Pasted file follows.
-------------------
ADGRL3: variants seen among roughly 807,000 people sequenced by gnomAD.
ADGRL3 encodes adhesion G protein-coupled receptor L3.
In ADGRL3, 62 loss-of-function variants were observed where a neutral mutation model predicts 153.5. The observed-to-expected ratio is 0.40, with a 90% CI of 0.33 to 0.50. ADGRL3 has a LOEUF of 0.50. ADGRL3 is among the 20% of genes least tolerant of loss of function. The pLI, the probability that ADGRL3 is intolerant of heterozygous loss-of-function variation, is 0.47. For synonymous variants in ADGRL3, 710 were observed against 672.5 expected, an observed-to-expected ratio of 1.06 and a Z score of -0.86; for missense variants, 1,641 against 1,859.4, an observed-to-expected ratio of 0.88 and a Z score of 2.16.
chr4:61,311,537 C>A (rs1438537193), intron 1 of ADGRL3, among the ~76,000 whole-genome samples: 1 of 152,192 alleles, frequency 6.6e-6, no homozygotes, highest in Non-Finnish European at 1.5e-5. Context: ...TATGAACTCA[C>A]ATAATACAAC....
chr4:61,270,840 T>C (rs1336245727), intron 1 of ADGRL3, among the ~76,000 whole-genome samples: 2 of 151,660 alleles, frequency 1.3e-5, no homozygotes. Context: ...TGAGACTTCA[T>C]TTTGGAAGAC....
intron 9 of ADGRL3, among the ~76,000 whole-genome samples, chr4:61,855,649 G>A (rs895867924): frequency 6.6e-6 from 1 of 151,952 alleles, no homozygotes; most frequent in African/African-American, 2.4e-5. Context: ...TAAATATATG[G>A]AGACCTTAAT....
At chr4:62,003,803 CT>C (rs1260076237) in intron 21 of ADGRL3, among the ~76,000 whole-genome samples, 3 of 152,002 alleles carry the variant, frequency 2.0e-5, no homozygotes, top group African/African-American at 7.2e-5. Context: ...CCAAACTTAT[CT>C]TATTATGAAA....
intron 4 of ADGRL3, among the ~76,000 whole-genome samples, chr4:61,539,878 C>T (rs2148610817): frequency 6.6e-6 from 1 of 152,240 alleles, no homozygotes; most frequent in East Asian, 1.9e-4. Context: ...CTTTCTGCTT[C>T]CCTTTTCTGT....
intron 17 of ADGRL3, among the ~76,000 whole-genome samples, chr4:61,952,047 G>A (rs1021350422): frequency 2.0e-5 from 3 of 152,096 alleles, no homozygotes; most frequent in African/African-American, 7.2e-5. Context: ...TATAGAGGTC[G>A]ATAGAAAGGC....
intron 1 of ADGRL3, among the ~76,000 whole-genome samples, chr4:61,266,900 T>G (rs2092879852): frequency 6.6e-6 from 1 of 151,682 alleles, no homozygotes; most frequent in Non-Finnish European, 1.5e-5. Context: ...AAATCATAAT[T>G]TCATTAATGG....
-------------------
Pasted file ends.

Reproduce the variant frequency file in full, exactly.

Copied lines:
ADGRL3: variants seen among roughly 807,000 people sequenced by gnomAD.
ADGRL3 encodes adhesion G protein-coupled receptor L3.
In ADGRL3, 62 loss-of-function variants were observed where a neutral mutation model predicts 153.5. The observed-to-expected ratio is 0.40, with a 90% CI of 0.33 to 0.50. ADGRL3 has a LOEUF of 0.50. ADGRL3 is among the 20% of genes least tolerant of loss of function. The pLI, the probability that ADGRL3 is intolerant of heterozygous loss-of-function variation, is 0.47. For synonymous variants in ADGRL3, 710 were observed against 672.5 expected, an observed-to-expected ratio of 1.06 and a Z score of -0.86; for missense variants, 1,641 against 1,859.4, an observed-to-expected ratio of 0.88 and a Z score of 2.16.
chr4:61,311,537 C>A (rs1438537193), intron 1 of ADGRL3, among the ~76,000 whole-genome samples: 1 of 152,192 alleles, frequency 6.6e-6, no homozygotes, highest in Non-Finnish European at 1.5e-5. Context: ...TATGAACTCA[C>A]ATAATACAAC....
chr4:61,270,840 T>C (rs1336245727), intron 1 of ADGRL3, among the ~76,000 whole-genome samples: 2 of 151,660 alleles, frequency 1.3e-5, no homozygotes. Context: ...TGAGACTTCA[T>C]TTTGGAAGAC....
intron 9 of ADGRL3, among the ~76,000 whole-genome samples, chr4:61,855,649 G>A (rs895867924): frequency 6.6e-6 from 1 of 151,952 alleles, no homozygotes; most frequent in African/African-American, 2.4e-5. Context: ...TAAATATATG[G>A]AGACCTTAAT....
At chr4:62,003,803 CT>C (rs1260076237) in intron 21 of ADGRL3, among the ~76,000 whole-genome samples, 3 of 152,002 alleles carry the variant, frequency 2.0e-5, no homozygotes, top group African/African-American at 7.2e-5. Context: ...CCAAACTTAT[CT>C]TATTATGAAA....
intron 4 of ADGRL3, among the ~76,000 whole-genome samples, chr4:61,539,878 C>T (rs2148610817): frequency 6.6e-6 from 1 of 152,240 alleles, no homozygotes; most frequent in East Asian, 1.9e-4. Context: ...CTTTCTGCTT[C>T]CCTTTTCTGT....
intron 17 of ADGRL3, among the ~76,000 whole-genome samples, chr4:61,952,047 G>A (rs1021350422): frequency 2.0e-5 from 3 of 152,096 alleles, no homozygotes; most frequent in African/African-American, 7.2e-5. Context: ...TATAGAGGTC[G>A]ATAGAAAGGC....
intron 1 of ADGRL3, among the ~76,000 whole-genome samples, chr4:61,266,900 T>G (rs2092879852): frequency 6.6e-6 from 1 of 151,682 alleles, no homozygotes; most frequent in Non-Finnish European, 1.5e-5. Context: ...AAATCATAAT[T>G]TCATTAATGG....